Clark County’s COVID-19 activity rate is up slightly this week. New hospital admissions fell this week, but hospital occupancy remains high.
The COVID-19 activity rate, which measures new cases per 100,000 people over seven days, rose to 175.1 on Thursday from 159.3 last week, according to Clark County Public Health data.
The rate rose in May before trending down in early June. Last week it started to rise again.
As of Tuesday, 98.7 percent of Clark County hospital beds and 96.3 percent of ICU beds were occupied. Hospitals reported that 74 beds — accounting for 12.4 percent of hospital beds and 14.8 percent of intensive care beds — were occupied by people who have or are suspected to have COVID-19 .
Seven new deaths from COVID-19 were reported this week. The deaths include three men in their 70s, and two men and two women aged 80 or older.
The new deaths bring the total number of people who have died from COVID-19 in Clark County to 837. Deaths are typically added to the county total 10 to 12 days after they occur.
Public Health reported 921 new cases this week, up from 96,850 so far. Clark County public health officials say the true number of new cases is likely much higher due to unreported positive tests at home.
If you test positive for COVID-19 with a home test, you can call the state’s COVID-19 hotline at 1-800-525-0127 to report your positive result.
Clark County remains at low risk, according to the Centers for Disease Control and Prevention’s Community Levels — a data tool that determines a county’s COVID-19 risk level based on the current number of cases, hospitalizations and overall hospital occupancy.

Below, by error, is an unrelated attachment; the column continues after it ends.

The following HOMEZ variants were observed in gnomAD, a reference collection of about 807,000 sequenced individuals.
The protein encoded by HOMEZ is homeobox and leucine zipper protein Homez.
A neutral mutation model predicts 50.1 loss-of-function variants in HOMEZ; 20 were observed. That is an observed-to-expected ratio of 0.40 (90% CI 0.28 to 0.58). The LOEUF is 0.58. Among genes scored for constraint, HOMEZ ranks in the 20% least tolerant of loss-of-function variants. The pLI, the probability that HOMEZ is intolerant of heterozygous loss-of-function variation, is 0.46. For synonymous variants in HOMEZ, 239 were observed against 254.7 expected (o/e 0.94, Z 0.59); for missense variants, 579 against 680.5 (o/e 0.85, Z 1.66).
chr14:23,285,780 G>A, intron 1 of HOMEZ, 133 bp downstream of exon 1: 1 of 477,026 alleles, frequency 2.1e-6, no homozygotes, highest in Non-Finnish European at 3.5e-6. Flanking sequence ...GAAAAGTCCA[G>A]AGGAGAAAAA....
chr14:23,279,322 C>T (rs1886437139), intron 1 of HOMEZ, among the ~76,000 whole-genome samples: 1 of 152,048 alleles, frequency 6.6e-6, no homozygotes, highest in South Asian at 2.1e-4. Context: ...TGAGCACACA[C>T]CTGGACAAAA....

Recommendations for residents of low-risk counties include staying up to date on COVID-19 vaccines and getting tested if you have symptoms. Masks are not required in low-risk countries, although masks and social distancing are still recommended for those at high risk of serious illness. In addition, people exposed to or showing symptoms of COVID-19 must continue to follow quarantine guidelines.
As of Thursday, 15 counties in Washington were at intermediate risk, including Skamania and Klickitat.
The Washington State Department of Health and Human Services reported that as of June 20, 66.3 percent of Clark County residents age 5 and older were fully vaccinated against COVID-19.
The Food and Drug Administration this week approved both Pfizer and Moderna COVID-19 vaccines for children 6 months and older.
Clark County Public Health suggests that parents with children under the age of 5 who wish to be vaccinated contact their primary care physician. The CDC ships cans directly to vendors.
Parents can use the options below to find a vaccination center near them. Some may not yet have been updated to include children under the age of 5, but Public Health expects these updates to come soon.
Text your zip code to 438829 (GETVAX)
According to Public Health, COVID-19 vaccines and boosters offer the best protection against COVID-19.